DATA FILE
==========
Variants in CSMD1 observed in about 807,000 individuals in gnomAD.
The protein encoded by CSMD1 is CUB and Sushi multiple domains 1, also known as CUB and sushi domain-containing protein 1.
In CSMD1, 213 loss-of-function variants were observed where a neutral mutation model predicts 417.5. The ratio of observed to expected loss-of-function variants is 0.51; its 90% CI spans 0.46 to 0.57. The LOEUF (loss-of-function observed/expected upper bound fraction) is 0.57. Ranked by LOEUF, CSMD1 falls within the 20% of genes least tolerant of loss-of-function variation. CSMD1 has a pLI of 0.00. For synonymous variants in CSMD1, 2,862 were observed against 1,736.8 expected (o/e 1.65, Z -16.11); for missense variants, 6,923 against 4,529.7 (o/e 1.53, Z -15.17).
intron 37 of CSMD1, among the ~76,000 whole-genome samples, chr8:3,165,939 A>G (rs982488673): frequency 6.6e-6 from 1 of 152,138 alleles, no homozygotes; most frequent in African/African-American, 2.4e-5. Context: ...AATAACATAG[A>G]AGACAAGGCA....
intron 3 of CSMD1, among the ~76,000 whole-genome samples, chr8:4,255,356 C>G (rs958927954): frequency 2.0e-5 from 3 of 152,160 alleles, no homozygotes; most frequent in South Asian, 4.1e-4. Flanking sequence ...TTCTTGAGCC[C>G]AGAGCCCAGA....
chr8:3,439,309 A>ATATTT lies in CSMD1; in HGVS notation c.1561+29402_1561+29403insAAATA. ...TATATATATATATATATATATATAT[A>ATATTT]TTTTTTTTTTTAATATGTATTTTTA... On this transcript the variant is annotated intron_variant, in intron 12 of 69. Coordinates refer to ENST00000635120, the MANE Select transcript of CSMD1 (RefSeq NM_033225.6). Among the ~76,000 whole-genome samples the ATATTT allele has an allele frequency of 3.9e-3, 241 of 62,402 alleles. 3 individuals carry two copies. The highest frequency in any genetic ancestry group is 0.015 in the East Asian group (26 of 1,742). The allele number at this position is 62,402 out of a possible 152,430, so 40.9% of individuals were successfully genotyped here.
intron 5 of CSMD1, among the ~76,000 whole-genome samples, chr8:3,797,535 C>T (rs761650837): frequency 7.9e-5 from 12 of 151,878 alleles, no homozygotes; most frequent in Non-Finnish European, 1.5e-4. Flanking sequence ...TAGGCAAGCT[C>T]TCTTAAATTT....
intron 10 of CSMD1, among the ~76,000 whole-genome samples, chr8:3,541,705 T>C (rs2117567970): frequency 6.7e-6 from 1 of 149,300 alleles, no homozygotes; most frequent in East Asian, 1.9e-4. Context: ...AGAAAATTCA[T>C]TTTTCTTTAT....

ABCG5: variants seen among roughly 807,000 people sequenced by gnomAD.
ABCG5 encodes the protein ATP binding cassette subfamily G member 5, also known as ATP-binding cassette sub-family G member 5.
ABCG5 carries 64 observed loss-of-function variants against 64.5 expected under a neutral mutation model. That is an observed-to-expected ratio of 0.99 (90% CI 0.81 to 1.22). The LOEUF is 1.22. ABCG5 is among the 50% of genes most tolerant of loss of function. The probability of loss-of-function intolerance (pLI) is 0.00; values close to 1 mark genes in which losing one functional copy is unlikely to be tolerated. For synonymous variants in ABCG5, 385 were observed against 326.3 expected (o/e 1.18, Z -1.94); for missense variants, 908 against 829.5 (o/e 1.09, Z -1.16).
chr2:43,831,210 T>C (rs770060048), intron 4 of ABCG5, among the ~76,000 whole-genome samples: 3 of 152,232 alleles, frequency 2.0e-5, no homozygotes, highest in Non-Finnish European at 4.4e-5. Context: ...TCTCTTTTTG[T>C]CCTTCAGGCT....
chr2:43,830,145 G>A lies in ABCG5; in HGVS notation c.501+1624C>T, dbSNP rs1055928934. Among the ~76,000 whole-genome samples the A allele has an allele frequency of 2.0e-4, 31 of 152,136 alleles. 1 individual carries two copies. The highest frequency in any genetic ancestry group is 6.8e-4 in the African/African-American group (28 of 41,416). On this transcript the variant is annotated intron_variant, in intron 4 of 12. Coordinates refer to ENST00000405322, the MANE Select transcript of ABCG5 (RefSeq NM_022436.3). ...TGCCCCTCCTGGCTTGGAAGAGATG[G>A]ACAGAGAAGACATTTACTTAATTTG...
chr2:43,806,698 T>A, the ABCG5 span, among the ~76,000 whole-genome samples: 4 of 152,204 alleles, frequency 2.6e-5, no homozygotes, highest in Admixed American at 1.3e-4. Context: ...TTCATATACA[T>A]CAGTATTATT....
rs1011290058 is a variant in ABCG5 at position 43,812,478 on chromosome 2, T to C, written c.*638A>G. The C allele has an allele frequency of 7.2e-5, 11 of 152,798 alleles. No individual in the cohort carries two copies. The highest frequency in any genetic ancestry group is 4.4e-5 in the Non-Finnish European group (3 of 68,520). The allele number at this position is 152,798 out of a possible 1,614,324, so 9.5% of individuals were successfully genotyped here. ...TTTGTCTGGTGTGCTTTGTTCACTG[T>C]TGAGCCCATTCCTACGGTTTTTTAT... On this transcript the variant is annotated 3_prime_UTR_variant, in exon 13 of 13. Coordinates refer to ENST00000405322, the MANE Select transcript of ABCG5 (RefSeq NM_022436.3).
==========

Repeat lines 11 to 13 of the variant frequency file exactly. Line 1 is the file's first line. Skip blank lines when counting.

ABCG5 carries 64 observed loss-of-function variants against 64.5 expected under a neutral mutation model. That is an observed-to-expected ratio of 0.99 (90% CI 0.81 to 1.22). The LOEUF is 1.22. ABCG5 is among the 50% of genes most tolerant of loss of function. The probability of loss-of-function intolerance (pLI) is 0.00; values close to 1 mark genes in which losing one functional copy is unlikely to be tolerated. For synonymous variants in ABCG5, 385 were observed against 326.3 expected (o/e 1.18, Z -1.94); for missense variants, 908 against 829.5 (o/e 1.09, Z -1.16).
chr2:43,831,210 T>C (rs770060048), intron 4 of ABCG5, among the ~76,000 whole-genome samples: 3 of 152,232 alleles, frequency 2.0e-5, no homozygotes, highest in Non-Finnish European at 4.4e-5. Context: ...TCTCTTTTTG[T>C]CCTTCAGGCT....
chr2:43,830,145 G>A lies in ABCG5; in HGVS notation c.501+1624C>T, dbSNP rs1055928934. Among the ~76,000 whole-genome samples the A allele has an allele frequency of 2.0e-4, 31 of 152,136 alleles. 1 individual carries two copies. The highest frequency in any genetic ancestry group is 6.8e-4 in the African/African-American group (28 of 41,416). On this transcript the variant is annotated intron_variant, in intron 4 of 12. Coordinates refer to ENST00000405322, the MANE Select transcript of ABCG5 (RefSeq NM_022436.3). ...TGCCCCTCCTGGCTTGGAAGAGATG[G>A]ACAGAGAAGACATTTACTTAATTTG...